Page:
August 8, 2008 / 5:03 PM / 9 years ago

In China, Bush pushes freedom of speech, religion

BEIJING (Reuters) - U.S. President George W. Bush wasted no time on Friday raising the touchy issues of religious freedom and free speech in China, hours before he was to attend the opening ceremonies of the 2008 Summer Olympics.

Despite criticism by China for meddling in its internal affairs, he used the dedication of a new American embassy in Beijing to drive home his point that freedom of speech was the best way to promote prosperity and peace.

"We continue to be candid about our belief that all people should have the freedom to say what they think and worship as they choose," he said at the embassy dedication, a 10-acre ultra-modern complex.

"We strongly believe societies which allow the free expression of ideas tend to be the most prosperous and the most peaceful," Bush said a few hours before a lunch hosted by Chinese President Hu Jintao for foreign leaders.

Bush has been criticized by human rights activists and some U.S. lawmakers for going to the opening ceremonies and the Games, arguing it offered credibility to the Chinese government despite its record on human and religious rights.

He countered that he was primarily going to the Games to cheer on the U.S. athletes and that he frequently has candid conversations with China's leaders about religious freedom and its human rights record.

"Candour is most effective when nations have built a relationship of respect and trust," Bush said. "I've worked hard to build that respect and trust. I appreciate the Chinese leadership that have worked hard to build that respect and trust."

Chinese dignitaries at the dedication sat expressionless.

He also went to lengths to emphasize their areas of agreement, such as working to rid North Korea of its nuclear weapons and Beijing's move toward a more open and free economy. Bush also noted that the new embassy reflected the "solid foundation underpinning our relations."


Attending the ceremony was his father George H.W. Bush, who served not only as president but also as envoy to China, as well as former Secretary of State Henry Kissinger who helped orchestrate a thaw in China-U.S. relations in the 1970s.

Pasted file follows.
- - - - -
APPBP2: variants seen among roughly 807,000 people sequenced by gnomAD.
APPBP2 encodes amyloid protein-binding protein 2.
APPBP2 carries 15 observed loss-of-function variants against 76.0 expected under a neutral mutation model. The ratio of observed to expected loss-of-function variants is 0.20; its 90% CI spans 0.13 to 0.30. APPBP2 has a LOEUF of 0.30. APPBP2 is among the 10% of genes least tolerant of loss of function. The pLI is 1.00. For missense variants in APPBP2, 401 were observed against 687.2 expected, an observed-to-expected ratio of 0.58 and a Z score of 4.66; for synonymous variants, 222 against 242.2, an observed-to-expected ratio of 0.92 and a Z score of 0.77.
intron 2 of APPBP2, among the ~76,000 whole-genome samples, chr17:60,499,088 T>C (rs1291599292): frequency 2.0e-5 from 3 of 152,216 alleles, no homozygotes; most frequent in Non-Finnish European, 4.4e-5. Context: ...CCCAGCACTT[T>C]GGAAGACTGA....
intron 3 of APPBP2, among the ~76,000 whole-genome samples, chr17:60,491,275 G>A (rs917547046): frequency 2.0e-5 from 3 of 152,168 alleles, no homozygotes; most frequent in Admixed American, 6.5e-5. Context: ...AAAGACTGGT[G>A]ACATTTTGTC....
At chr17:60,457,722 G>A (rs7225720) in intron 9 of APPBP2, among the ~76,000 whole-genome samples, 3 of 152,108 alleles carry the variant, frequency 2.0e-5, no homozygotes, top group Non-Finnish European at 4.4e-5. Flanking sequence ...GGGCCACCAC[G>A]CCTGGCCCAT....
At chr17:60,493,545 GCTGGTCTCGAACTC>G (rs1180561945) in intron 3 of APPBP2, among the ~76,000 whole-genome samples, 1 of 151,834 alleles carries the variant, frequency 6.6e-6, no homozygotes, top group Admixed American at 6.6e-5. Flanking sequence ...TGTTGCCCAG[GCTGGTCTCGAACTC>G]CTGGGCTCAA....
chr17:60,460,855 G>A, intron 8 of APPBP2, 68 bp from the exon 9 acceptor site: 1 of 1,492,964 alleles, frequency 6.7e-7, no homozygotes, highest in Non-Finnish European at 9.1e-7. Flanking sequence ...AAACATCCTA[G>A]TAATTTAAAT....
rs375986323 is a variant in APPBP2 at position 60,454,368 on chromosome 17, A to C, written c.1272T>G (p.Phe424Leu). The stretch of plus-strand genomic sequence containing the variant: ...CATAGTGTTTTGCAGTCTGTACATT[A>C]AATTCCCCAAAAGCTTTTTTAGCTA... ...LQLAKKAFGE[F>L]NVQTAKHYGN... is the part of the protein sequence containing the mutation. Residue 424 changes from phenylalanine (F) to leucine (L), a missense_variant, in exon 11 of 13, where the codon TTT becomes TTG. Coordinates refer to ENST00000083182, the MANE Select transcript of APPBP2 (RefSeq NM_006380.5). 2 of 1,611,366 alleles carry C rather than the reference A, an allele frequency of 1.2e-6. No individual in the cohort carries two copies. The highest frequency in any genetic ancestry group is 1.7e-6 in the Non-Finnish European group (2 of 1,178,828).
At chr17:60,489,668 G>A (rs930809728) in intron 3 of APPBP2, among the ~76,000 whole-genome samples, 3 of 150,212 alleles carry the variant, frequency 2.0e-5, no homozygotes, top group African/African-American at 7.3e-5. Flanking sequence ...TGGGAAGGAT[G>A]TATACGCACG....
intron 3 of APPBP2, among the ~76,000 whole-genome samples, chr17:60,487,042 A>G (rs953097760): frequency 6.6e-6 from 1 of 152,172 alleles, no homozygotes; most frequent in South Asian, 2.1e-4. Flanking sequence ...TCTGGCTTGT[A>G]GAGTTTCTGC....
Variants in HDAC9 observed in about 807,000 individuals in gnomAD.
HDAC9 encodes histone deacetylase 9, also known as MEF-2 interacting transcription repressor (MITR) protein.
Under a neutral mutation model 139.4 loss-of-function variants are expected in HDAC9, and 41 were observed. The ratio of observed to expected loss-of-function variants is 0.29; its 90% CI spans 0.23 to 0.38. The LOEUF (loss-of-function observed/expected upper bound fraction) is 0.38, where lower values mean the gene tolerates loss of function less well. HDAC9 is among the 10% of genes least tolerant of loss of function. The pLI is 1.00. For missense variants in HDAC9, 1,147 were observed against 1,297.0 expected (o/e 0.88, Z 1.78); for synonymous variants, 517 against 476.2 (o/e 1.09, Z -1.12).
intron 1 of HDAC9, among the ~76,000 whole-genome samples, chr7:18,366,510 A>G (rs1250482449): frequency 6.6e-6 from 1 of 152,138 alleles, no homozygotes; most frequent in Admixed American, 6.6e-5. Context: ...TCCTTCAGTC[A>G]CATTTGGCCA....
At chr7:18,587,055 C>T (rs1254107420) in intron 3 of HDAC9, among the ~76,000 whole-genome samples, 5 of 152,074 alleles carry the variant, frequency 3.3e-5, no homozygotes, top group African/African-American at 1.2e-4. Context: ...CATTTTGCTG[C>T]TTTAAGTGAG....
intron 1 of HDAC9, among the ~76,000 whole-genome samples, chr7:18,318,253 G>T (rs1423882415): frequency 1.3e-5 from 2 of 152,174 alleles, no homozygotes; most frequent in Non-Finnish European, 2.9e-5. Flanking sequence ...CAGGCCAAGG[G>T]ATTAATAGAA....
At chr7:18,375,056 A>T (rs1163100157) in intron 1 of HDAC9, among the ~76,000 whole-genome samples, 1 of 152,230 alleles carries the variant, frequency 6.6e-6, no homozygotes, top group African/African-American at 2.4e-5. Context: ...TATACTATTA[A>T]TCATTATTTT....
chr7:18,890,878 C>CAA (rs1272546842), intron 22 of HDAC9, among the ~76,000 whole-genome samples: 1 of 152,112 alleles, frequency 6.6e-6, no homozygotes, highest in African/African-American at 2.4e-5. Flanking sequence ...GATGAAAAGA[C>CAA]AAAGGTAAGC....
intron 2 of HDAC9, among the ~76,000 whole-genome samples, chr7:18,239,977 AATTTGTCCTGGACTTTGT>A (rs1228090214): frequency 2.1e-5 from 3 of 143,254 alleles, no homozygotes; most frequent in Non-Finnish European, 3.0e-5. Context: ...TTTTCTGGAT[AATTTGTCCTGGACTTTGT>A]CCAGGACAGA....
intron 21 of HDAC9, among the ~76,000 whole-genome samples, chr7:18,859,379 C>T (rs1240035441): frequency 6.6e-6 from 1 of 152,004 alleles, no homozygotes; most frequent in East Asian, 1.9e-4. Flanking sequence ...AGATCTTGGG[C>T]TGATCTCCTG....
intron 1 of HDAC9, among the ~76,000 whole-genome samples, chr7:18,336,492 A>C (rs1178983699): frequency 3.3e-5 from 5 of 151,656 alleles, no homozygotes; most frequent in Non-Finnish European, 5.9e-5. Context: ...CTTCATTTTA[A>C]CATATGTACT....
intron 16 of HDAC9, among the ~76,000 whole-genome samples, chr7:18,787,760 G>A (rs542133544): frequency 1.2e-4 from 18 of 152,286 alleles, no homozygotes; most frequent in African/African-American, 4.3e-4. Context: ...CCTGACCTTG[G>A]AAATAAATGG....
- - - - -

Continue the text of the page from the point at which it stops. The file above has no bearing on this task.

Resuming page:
Asked what he thought of Bush's comments on human rights at the embassy dedication, Kissinger told Reuters: "It was important for him to do this."

Just hours later, Bush was warmly greeted by China's president at a luncheon held at the Great Hall of the People for foreign leaders attending the Olympics. The two leaders will hold formal discussions on Sunday.

Bush, an avid sports enthusiast who once owned part of the Texas Rangers baseball team, plans to attend several competitions, including men's and women's basketball games as well as a baseball practice, according to the White House.

His attendance at the Olympics is the first by a sitting U.S. president on foreign soil.

Chinese Foreign Ministry spokesman Qin Gang Thursday defended China's rights record, saying people enjoyed a range of freedoms, including freedom of religion, but added a warning too.

"We resolutely oppose any words or actions which interfere in the internal affairs of another country in the name of issues such as human rights and religion," he said in a statement on the ministry's website (

While Bush has said he had no intention of using the Olympics as a platform for lecturing China on human rights, he said he would discuss such matters privately with President Hu.

And to further emphasize his push for religious freedom, on Sunday Bush will attend a service at one of the government sanctioned churches in Beijing, the Kuanjie Protestant Christian Church. Other unregistered churches exist, some of which face repression.

(For more stories visit our multimedia website "Road to Beijing" here; and see our blog at

Editing by Sanjeev Miglani

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